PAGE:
In a climate of improved tolerance, growing numbers of people in Turkey are discovering their grandmothers were Armenian. Hundreds of thousands of Armenians escaped the mass deportations and slaughter of the early 1900's by forced conversion to Islam. Or, Armenian children were taken in by Turkish families and assimilated. Now their stories are increasingly being heard. Dorian Jones reports from Istanbul that the revelations are viewed as an important step.
Video

Video Migrants Trek Through Western Balkans to Reach EU

Migrants from Africa and other places are finding different routes into the European Union in search of a better life. The Associated Press followed one clandestine group to document their trek through the western Balkans to Hungary. Zlatica Hoke reports that the migrants started using that route about four years ago. Since then, it has become the second-most popular path into Western Europe, after the option of sailing from North Africa to Italy.
Video

Video TIME Magazine Honors Activists, Pioneers Seen as Influential

TIME Magazine has released its list of celebrities, leaders and activists, whom it deems the world’s “most influential” in 2015. VOA's Ramon Taylor reports from New York.
Video

Video US Businesses See Cuba as New Frontier

The Obama administration's opening toward Cuba is giving U.S. companies hope they'll be able to do business in Cuba despite the continuation of the U.S. economic embargo against the communist nation. Some American companies have been able to export some products to Cuba, but the recent lifting of Cuba's terrorism designation could relax other restrictions. As VOA's Daniela Schrier reports, corporate heavy hitters are lining up to head across the Florida Straits - though experts urge caution.
Video

Video Kenya Launches Police Recruitment Drive After Terror Attacks

Kenya launched a major police recruitment drive this week as part of a large-scale effort to boost security following a recent spate of terror attacks. VOA’s Gabe Joselow reports that allegations of corruption in the process are raising old concerns about the integrity of Kenya’s security forces.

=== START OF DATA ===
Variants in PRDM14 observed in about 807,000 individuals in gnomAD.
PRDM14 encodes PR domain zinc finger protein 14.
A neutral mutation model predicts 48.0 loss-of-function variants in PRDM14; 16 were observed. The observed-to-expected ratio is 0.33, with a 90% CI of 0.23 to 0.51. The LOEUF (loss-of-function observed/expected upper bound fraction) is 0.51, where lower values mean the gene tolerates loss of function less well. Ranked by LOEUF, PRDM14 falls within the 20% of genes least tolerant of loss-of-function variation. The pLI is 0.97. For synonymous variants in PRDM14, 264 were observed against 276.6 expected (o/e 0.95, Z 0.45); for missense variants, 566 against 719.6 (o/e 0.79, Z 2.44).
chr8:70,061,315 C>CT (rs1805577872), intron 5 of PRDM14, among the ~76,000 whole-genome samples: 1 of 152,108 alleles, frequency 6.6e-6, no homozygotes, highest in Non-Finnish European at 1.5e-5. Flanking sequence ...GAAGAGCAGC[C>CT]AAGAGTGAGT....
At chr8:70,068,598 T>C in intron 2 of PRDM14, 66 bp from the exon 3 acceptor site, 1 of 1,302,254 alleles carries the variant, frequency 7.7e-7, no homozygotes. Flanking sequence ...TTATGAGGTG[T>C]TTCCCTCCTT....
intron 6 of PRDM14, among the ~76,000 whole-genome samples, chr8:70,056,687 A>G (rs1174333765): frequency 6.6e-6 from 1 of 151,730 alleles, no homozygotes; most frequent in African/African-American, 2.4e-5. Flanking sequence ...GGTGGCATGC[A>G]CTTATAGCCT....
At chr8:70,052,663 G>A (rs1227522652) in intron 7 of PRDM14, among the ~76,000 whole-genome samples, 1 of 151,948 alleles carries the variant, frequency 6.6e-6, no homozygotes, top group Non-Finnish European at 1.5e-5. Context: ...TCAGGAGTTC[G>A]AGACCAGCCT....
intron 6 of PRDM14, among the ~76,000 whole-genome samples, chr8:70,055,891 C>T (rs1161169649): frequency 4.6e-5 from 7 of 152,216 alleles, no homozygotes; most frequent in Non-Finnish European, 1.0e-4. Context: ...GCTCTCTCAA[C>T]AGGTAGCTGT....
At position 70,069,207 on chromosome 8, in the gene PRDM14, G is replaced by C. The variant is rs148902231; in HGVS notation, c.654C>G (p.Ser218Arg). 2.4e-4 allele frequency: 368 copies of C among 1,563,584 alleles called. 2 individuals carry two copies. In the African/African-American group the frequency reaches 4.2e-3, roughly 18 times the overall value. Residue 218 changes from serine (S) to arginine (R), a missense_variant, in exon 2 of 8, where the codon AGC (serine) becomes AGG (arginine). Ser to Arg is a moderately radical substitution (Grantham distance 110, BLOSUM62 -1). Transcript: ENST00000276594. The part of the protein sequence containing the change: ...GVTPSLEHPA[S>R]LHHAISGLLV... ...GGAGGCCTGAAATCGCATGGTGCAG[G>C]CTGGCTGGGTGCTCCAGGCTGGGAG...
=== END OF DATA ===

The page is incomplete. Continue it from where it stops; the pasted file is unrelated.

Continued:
Video

Video Japan, China in Race for Asia High-Speed Rail Projects

A lucrative competition is underway in Asia for billions of dollars in high-speed rail projects. Cambodia, India, Indonesia, Malaysia Thailand and Vietnam are among the countries planning to move onto the fast track. They are negotiating with Japan and the upstart Chinese who are locked in a duel to revolutionize transportation across Asia. VOA Correspondent Steve Herman in Bangkok has details.
Video

Video Scientists: Mosquitoes Attracted By Our Genes

Some people always seem to get bitten by mosquitoes more than others. Now, scientists have proved that is really the case - and they say it’s all because of genes. It’s hoped the research might lead to new preventative treatments for diseases like malaria, as Henry Ridgwell reports from London.
Video

Video Bible Museum Coming to Washington DC

Washington is the center of American political power and also home to some of the nation’s most visited museums. A new one that will showcase the Bible has skeptics questioning the motives of its conservative Christian funders. VOA religion correspondent Jerome Socolovsky reports.
Video

Video Armenia and Politics of Word 'Genocide'

A century ago this April, hundreds of thousands of Armenians of the Turkish Ottoman empire were deported and massacred, and their culture erased from their traditional lands. While broadly accepted by the U.N. and at least 20 countries as “genocide”, the United States and Turkey have resisted using that word to describe the atrocities that stretched from 1915 to 1923. But Armenians have never forgotten.
Video

Video Afghan First Lady Pledges No Roll Back on Women's Rights

Afghan First Lady Rula Ghani, named one of Time's 100 Most Influential, says women should take part in talks with Taliban. VOA's Rokhsar Azamee has more from Kabul.
Video

Video New Brain Mapping Techniques Could Ease Chronic Pain

From Boulder, Colorado, Shelley Schlender reports that new methods for mapping pain in the brain are providing validation for chronic pain and might someday guide better treatment.

VOA Blogs